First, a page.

Claim: Photograph shows a fetus reaching out towards the surgeon during an in-the-womb surgery.
Example:[Collected via e-mail, May 2003]
A picture began circulating in November. It should be "The Picture of the Year," or perhaps, "Picture of the Decade." It won't be. In fact, unless you obtained a copy of the US paper which published it, you probably will never see it. The picture is that of a 21-week-old unborn baby named Samuel Alexander Armas, who is being operated on by a surgeon named Joseph Bruner. The baby was diagnosed with spina bifida and would not survive if removed from his mother's womb. Little Samuel's mother, Julie Armas, is an obstetrics nurse in Atlanta. She knew of Dr. Bruner's remarkable surgical procedure. Practicing at Vanderbilt University Medical Center in Nashville, he performs these special operations while the baby is still in the womb.
During the procedure, the doctor removes the uterus via C-section and makes a small incision to operate on the baby. As Dr. Bruner completed the surgery on little Samuel, the little guy reached his tiny, but fully developed, hand through the incision and firmly grasped the surgeon's finger. In a Time Europe article highlighting new pregnancy imagery that show the formation of major organs and other significant evidence of the formation of human life but a few days after conception, Dr. Bruner was reported as saying that when his finger was grasped, it was the most emotional moment of his life, and that for an instant during the procedure he was just frozen, totally immobile. The photograph captures this amazing event with perfect clarity. The editors titled the picture, "Hand of Hope."
The text explaining the picture begins, "The tiny hand of 21-week-old fetus Samuel Alexander Armas emerges from the mother's uterus to grasp the finger of Dr. Joseph Bruner as if thanking the doctor for the gift of life."
Little Samuel's mother said they "wept for days" when they saw the picture. She said, "The photo reminds us a pregnancy isn't about disability or an illness, it's about a little person." Samuel was born in perfect health, the operation 100 per cent successful. Now see the actual picture, and it is awesome ... incredible.
Origins: The image accompanying the text quoted above is real in the sense that it is indeed a photograph taken during a revolutionary fetal procedure undertaken on 19 August 1999
to fix the spina bifida lesion of a 21-week-old fetus in the womb. The operation was performed by a surgical team at Vanderbilt University in Nashville which developed a technique for correcting fetal problems in mid-pregnancy by temporarily removing the uterus, draining the amniotic fluid, performing surgery on the tiny fetus, then restoring the uterus back inside the mother. The patient shown above, Samuel Armas, was the 54th fetus operated on by the surgical team; Dr. Joseph Bruner, the surgeon whose hands are pictured above, alleviated the effects of the opening in Samuel's spine caused by the spina bifida, a congenital disease that often leads to paralysis and other problems. Pictures from the surgery were printed in a number of newspapers in the U.S. and around the world, including USA Today, and thanks to the remarkable surgical procedure performed by the Nashville team little Samuel was born healthy on 2 December 1999.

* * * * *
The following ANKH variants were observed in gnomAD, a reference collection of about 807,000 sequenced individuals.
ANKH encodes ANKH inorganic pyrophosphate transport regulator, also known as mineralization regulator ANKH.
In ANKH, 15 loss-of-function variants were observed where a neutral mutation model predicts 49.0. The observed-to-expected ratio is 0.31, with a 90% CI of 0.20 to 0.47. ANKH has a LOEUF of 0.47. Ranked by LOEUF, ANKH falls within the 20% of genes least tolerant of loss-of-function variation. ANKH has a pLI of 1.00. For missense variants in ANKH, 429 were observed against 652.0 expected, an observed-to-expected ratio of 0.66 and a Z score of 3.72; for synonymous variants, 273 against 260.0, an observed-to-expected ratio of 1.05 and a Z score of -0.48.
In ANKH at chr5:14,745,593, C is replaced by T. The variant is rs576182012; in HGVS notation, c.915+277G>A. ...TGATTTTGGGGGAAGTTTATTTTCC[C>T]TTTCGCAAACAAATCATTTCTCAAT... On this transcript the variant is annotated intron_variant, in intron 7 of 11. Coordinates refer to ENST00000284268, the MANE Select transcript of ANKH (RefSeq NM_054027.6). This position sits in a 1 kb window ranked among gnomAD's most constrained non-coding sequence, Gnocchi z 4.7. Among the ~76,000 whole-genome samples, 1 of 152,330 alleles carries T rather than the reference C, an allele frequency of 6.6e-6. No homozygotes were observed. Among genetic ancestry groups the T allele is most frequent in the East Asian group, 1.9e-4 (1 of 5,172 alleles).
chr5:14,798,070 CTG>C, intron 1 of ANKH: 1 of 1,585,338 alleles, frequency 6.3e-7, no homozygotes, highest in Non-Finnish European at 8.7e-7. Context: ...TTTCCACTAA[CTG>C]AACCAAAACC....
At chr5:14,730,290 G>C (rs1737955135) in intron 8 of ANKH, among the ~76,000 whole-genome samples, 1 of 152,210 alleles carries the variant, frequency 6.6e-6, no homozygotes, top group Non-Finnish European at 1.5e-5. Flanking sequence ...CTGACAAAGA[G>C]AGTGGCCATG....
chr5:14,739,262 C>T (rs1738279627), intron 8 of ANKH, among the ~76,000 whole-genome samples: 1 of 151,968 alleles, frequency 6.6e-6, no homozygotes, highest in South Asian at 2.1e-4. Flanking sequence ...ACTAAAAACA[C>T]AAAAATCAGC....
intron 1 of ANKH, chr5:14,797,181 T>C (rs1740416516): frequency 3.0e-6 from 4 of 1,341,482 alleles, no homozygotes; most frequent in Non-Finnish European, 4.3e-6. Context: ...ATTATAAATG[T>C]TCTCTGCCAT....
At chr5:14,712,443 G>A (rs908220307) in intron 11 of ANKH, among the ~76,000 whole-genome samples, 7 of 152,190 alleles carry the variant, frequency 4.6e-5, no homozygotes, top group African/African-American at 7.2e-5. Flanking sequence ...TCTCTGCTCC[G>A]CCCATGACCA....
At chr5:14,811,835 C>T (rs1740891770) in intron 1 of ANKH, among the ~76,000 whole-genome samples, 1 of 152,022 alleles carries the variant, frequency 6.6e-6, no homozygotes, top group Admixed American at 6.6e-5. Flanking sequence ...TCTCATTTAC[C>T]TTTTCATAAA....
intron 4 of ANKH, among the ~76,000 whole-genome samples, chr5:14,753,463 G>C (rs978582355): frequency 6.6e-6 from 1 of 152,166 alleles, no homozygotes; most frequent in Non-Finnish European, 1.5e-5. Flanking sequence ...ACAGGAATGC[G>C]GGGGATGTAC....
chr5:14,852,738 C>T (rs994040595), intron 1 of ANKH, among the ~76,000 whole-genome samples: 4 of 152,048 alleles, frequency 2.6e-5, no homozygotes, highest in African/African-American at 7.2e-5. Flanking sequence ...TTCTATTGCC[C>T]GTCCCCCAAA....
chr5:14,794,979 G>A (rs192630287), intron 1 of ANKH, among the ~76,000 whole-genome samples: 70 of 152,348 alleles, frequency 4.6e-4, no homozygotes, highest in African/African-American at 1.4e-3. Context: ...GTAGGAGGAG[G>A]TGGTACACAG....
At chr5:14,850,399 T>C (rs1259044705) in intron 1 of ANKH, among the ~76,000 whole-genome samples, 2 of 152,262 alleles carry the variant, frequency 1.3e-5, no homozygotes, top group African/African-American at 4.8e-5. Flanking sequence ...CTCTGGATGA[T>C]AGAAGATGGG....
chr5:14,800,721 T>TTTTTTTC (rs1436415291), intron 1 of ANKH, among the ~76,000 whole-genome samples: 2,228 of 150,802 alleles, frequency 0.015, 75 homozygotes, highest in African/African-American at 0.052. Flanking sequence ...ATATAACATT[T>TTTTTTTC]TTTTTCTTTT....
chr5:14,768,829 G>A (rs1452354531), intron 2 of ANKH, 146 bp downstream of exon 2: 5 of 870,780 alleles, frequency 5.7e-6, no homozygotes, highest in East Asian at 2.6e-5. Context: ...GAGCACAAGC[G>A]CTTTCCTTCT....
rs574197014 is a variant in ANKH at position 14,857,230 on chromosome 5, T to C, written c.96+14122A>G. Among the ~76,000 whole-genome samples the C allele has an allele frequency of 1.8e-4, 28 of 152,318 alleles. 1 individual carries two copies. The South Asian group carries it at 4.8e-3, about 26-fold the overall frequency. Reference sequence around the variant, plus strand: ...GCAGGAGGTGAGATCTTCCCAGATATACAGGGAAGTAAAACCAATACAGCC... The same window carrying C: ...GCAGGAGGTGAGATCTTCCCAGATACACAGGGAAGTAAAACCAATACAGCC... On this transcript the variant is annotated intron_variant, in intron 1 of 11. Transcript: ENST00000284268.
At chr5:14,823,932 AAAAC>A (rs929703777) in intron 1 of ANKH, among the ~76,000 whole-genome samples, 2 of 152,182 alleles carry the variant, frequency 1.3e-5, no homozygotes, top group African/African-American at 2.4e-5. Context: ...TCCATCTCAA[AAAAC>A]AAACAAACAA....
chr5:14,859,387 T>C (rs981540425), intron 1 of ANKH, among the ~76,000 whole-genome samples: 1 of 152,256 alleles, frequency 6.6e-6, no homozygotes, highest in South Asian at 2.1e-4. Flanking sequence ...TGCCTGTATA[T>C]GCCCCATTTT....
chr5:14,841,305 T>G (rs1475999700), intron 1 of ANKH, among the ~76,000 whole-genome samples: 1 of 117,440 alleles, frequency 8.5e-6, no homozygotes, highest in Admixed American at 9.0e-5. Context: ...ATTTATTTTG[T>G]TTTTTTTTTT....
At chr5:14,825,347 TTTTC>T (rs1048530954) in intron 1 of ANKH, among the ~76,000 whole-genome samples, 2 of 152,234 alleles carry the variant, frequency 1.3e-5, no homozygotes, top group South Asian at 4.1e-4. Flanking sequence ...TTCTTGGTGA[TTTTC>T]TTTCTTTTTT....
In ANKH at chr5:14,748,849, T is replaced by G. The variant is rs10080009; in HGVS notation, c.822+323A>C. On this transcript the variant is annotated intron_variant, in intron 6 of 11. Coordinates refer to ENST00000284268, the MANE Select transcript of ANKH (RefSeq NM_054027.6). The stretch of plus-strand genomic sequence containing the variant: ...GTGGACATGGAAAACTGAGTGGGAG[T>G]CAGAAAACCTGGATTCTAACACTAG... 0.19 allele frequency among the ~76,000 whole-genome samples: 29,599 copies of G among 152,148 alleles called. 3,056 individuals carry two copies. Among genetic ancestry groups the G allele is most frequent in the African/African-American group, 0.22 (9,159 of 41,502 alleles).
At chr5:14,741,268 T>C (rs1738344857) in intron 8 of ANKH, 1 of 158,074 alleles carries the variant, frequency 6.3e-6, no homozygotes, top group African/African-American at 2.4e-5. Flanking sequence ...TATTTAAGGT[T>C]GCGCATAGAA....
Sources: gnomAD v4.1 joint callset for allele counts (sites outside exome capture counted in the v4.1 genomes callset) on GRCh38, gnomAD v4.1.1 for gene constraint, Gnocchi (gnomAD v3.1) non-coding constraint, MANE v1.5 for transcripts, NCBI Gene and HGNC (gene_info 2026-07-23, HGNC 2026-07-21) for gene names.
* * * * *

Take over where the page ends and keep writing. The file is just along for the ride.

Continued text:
However, it is not true, as described in the accompanying text, that these photographs were taken as Samuel's hand "emerged from the mother's uterus to grasp the finger of Dr. Joseph Bruner as if thanking the doctor for the gift of life," or that Dr. Bruner said "when his finger was grasped, it was the most emotional moment of his life." This misinformation has been propagated by many different sources, including the Michael Clancy, the photographer who snapped the pictures:
As a doctor asked me what speed of film I was using, out of the corner of my eye I saw the uterus shake, but no one's hands were near it. It was shaking from within. Suddenly, an entire arm thrust out of the opening, then pulled back until just a little hand was showing. The doctor reached over and lifted the hand, which reacted and squeezed the doctor's finger. As if testing for strength, the doctor shook the tiny fist. Samuel held firm. I took the picture! Wow! It happened so fast that the nurse standing next to me asked, "What happened?"
"The child reached out," I said.
"Oh. They do that all the time," she responded.1
What actually took place, as described in news reports of the surgery, was that:
[J]ust as surgeon Dr. Joseph Bruner was closing the incision in Julie Armas' uterus, Samuel's thumbnail-sized hand flopped out. Bruner lifted it gently and tucked it back in.2
(The dubious veracity of the photographer's version of events is highlighted by the disclaimer he appended to it on his web site, stating that it represented his "opinion of the events as they took place during the surgery for Samuel.")
The surgeon, Dr. Bruner, later elaborated on some of the exaggerated and false claims made about the photograph:
"It has become an urban legend," says Bruner, the Vanderbilt University surgeon who fixed the spina bifida lesion on Samuel. Many people he hears from wonder whether it's a fake.
"One person said the photo had been reviewed by a team of medical experts and they had determined that it was a hoax," Bruner says with a laugh.
More commonly, people want to know how the photo came to be.
Some opponents of abortion have claimed that the baby reached through the womb and grabbed the doctor's hand.
Not true, Bruner says.
Samuel and his mother, Julie, were under anesthesia and could not move.
"The baby did not reach out," Bruner says. "The baby was anesthetized. The baby was not aware of what was going on."3